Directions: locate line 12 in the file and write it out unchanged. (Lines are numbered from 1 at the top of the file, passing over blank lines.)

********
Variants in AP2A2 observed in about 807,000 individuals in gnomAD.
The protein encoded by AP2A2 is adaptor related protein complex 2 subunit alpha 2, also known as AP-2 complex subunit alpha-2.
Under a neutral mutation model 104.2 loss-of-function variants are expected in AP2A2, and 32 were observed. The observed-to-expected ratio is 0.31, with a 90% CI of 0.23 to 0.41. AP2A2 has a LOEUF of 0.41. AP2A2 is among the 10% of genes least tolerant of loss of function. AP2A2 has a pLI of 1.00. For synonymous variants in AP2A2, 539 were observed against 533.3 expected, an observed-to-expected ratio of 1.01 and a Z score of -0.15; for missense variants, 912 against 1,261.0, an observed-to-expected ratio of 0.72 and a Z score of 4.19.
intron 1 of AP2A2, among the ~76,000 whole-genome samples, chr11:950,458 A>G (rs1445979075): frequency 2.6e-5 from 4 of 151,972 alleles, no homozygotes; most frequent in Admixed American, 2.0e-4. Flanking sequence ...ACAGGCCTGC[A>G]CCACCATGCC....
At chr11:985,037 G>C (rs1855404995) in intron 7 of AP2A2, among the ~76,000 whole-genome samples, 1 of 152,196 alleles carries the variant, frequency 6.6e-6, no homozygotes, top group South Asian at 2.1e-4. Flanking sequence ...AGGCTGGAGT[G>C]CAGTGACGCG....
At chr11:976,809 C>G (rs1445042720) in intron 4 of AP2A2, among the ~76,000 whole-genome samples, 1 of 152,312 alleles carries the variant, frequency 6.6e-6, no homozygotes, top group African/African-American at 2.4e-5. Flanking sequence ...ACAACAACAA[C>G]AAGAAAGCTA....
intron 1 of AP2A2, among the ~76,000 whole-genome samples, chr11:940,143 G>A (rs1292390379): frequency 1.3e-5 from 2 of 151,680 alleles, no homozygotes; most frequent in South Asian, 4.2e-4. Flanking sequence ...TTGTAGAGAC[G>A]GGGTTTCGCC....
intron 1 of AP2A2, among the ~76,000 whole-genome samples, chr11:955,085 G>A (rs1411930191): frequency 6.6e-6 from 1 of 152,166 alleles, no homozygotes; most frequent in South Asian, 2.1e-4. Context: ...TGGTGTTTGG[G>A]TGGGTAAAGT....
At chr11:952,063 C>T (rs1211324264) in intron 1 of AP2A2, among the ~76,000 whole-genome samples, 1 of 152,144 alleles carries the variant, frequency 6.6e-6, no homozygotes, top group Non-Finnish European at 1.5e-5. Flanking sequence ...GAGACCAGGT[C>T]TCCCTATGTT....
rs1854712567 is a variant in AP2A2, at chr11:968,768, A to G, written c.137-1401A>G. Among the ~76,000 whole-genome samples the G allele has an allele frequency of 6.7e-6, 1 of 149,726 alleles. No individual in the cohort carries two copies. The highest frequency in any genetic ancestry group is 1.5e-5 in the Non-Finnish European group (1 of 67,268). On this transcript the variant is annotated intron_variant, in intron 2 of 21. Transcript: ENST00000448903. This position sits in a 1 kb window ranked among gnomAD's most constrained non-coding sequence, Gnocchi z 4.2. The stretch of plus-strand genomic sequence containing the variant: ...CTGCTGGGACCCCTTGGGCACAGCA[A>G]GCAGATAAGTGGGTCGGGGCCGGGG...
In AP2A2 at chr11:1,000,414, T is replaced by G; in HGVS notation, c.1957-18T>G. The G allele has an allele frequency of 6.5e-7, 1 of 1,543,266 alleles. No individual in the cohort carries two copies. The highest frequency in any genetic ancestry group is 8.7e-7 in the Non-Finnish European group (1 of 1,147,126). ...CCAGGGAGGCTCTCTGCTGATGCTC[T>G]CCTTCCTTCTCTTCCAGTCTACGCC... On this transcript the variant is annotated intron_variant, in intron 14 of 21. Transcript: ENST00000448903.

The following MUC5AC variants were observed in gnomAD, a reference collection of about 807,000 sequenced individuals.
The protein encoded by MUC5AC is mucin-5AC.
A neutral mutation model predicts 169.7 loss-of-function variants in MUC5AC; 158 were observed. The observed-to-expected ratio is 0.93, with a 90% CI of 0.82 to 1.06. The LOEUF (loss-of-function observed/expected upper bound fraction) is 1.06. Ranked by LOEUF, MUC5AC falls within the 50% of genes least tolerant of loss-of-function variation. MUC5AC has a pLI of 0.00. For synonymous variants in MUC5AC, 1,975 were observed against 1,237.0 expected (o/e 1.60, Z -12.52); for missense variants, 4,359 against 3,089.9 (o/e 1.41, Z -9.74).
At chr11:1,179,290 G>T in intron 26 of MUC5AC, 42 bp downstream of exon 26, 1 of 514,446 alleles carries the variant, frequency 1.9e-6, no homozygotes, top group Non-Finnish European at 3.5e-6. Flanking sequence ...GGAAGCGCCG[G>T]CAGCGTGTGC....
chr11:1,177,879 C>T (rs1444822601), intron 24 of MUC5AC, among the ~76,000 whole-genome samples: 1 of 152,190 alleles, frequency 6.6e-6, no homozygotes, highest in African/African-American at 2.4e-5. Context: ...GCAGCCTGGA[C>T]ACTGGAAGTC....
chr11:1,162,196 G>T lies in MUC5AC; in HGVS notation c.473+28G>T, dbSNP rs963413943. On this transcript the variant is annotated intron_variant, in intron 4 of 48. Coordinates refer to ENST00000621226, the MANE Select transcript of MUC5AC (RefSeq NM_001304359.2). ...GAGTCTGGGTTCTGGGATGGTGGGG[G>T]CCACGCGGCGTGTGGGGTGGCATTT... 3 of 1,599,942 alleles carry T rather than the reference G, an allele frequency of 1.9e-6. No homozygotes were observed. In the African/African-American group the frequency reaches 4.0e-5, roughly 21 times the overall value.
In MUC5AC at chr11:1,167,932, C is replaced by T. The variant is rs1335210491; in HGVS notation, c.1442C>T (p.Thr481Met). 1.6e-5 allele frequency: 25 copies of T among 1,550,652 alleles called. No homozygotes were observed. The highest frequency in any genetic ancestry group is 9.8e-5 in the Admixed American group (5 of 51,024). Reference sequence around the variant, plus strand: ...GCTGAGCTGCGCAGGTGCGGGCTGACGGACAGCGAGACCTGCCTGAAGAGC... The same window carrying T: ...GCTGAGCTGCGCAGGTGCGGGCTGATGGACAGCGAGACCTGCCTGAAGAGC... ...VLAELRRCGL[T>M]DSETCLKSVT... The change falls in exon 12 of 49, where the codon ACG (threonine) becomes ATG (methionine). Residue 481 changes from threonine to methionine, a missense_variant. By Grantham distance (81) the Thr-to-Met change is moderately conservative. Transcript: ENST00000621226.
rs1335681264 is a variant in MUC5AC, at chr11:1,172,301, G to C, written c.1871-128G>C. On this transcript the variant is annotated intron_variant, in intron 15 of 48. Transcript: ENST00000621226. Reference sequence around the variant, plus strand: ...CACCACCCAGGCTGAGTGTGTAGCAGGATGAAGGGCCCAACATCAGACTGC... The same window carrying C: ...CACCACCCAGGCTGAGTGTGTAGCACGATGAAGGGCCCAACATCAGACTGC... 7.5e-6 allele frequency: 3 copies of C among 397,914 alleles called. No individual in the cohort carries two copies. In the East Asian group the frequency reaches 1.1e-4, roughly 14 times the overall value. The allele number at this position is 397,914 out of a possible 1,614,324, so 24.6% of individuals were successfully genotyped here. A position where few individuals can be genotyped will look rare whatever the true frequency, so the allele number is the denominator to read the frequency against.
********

The following MUC5AC variants were observed in gnomAD, a reference collection of about 807,000 sequenced individuals.